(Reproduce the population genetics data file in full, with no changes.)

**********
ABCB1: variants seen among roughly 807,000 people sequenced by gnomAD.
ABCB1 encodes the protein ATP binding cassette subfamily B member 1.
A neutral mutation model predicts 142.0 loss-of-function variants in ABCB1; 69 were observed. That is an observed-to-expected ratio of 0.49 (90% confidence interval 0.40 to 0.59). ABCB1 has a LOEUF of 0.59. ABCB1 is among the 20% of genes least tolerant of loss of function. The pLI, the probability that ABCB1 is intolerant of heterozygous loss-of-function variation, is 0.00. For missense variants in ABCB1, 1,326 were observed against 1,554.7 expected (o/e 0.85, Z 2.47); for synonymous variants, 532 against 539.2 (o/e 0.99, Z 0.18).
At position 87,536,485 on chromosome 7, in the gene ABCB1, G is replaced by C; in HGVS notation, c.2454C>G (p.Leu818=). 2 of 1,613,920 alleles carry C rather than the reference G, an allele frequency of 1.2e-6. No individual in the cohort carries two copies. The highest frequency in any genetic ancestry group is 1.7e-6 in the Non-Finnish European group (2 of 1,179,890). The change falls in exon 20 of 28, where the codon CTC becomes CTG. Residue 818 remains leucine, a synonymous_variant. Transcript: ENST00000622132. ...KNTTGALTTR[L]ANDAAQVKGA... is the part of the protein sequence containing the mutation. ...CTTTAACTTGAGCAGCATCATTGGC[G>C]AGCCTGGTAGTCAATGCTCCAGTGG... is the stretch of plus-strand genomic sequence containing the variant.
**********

ABCB1: variants seen among roughly 807,000 people sequenced by gnomAD.
ABCB1 encodes the protein ATP binding cassette subfamily B member 1.
A neutral mutation model predicts 142.0 loss-of-function variants in ABCB1; 69 were observed. That is an observed-to-expected ratio of 0.49 (90% confidence interval 0.40 to 0.59). ABCB1 has a LOEUF of 0.59. ABCB1 is among the 20% of genes least tolerant of loss of function. The pLI, the probability that ABCB1 is intolerant of heterozygous loss-of-function variation, is 0.00. For missense variants in ABCB1, 1,326 were observed against 1,554.7 expected (o/e 0.85, Z 2.47); for synonymous variants, 532 against 539.2 (o/e 0.99, Z 0.18).
At position 87,536,485 on chromosome 7, in the gene ABCB1, G is replaced by C; in HGVS notation, c.2454C>G (p.Leu818=). 2 of 1,613,920 alleles carry C rather than the reference G, an allele frequency of 1.2e-6. No individual in the cohort carries two copies. The highest frequency in any genetic ancestry group is 1.7e-6 in the Non-Finnish European group (2 of 1,179,890). The change falls in exon 20 of 28, where the codon CTC becomes CTG. Residue 818 remains leucine, a synonymous_variant. Transcript: ENST00000622132. ...KNTTGALTTR[L]ANDAAQVKGA... is the part of the protein sequence containing the mutation. ...CTTTAACTTGAGCAGCATCATTGGC[G>C]AGCCTGGTAGTCAATGCTCCAGTGG... is the stretch of plus-strand genomic sequence containing the variant.